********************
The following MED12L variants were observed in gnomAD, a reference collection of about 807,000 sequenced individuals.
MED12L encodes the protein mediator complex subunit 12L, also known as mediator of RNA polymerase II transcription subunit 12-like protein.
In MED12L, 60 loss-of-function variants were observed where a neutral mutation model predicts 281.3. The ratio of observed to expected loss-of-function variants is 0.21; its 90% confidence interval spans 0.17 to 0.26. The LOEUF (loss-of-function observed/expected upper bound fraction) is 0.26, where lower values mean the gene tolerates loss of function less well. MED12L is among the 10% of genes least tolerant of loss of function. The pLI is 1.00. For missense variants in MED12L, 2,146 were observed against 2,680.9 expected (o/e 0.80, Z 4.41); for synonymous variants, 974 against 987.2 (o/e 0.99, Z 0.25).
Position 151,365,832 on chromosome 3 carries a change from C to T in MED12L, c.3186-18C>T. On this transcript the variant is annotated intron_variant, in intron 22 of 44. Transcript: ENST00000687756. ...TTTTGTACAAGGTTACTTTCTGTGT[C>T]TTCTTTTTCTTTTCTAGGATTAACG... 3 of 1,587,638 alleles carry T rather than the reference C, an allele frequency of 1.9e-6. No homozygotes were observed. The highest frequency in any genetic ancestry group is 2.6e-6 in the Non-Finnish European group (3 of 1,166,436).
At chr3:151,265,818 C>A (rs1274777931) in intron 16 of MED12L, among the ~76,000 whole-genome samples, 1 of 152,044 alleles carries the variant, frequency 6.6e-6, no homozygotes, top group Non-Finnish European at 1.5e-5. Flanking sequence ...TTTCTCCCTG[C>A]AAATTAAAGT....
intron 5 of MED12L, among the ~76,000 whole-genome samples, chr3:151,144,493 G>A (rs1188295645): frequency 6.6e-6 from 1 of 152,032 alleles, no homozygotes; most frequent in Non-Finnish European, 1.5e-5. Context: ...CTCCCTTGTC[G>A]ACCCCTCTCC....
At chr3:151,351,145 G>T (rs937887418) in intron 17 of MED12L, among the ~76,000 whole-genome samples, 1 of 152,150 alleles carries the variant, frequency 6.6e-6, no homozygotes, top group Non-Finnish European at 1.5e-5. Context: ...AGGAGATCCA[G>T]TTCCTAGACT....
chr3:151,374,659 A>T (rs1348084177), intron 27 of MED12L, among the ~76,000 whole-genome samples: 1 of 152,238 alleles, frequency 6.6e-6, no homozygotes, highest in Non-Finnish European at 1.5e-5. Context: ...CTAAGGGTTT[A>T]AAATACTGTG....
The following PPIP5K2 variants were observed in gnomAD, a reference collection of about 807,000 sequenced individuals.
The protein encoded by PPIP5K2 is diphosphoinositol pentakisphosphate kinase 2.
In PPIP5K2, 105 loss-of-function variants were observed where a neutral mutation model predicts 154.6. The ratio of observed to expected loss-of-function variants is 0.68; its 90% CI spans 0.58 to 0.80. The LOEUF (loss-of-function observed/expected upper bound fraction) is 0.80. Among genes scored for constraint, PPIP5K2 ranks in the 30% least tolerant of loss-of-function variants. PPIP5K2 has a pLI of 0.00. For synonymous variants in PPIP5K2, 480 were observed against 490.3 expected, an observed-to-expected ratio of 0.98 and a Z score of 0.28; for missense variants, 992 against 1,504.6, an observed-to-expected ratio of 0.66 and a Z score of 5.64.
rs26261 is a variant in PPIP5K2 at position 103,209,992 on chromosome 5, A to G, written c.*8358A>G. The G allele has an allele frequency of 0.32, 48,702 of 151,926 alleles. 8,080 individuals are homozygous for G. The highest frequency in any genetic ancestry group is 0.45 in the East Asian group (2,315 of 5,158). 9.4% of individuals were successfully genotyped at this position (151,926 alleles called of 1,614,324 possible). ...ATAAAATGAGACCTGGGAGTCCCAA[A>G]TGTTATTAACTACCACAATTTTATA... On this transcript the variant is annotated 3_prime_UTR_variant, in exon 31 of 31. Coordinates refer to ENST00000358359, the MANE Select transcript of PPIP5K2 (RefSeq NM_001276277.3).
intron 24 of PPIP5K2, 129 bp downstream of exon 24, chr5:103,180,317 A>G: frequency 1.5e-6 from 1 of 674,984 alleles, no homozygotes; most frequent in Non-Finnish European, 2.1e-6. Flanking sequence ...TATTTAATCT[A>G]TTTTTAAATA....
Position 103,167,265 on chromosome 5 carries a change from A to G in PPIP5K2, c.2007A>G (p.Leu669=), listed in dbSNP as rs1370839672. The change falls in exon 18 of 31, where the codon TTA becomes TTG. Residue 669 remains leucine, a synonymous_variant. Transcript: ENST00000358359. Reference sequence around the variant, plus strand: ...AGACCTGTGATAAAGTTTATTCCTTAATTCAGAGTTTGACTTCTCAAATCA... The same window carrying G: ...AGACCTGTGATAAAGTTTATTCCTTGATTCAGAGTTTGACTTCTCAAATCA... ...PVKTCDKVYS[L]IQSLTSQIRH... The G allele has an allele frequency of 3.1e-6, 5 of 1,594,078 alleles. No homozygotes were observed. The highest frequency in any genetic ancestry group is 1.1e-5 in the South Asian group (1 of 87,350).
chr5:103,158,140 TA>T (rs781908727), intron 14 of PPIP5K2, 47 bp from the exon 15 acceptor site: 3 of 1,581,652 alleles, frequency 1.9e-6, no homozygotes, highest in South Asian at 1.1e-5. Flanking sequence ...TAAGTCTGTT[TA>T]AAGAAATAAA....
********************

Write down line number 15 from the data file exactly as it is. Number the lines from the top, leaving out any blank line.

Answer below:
chr5:103,158,140 TA>T (rs781908727), intron 14 of PPIP5K2, 47 bp from the exon 15 acceptor site: 3 of 1,581,652 alleles, frequency 1.9e-6, no homozygotes, highest in South Asian at 1.1e-5. Flanking sequence ...TAAGTCTGTT[TA>T]AAGAAATAAA....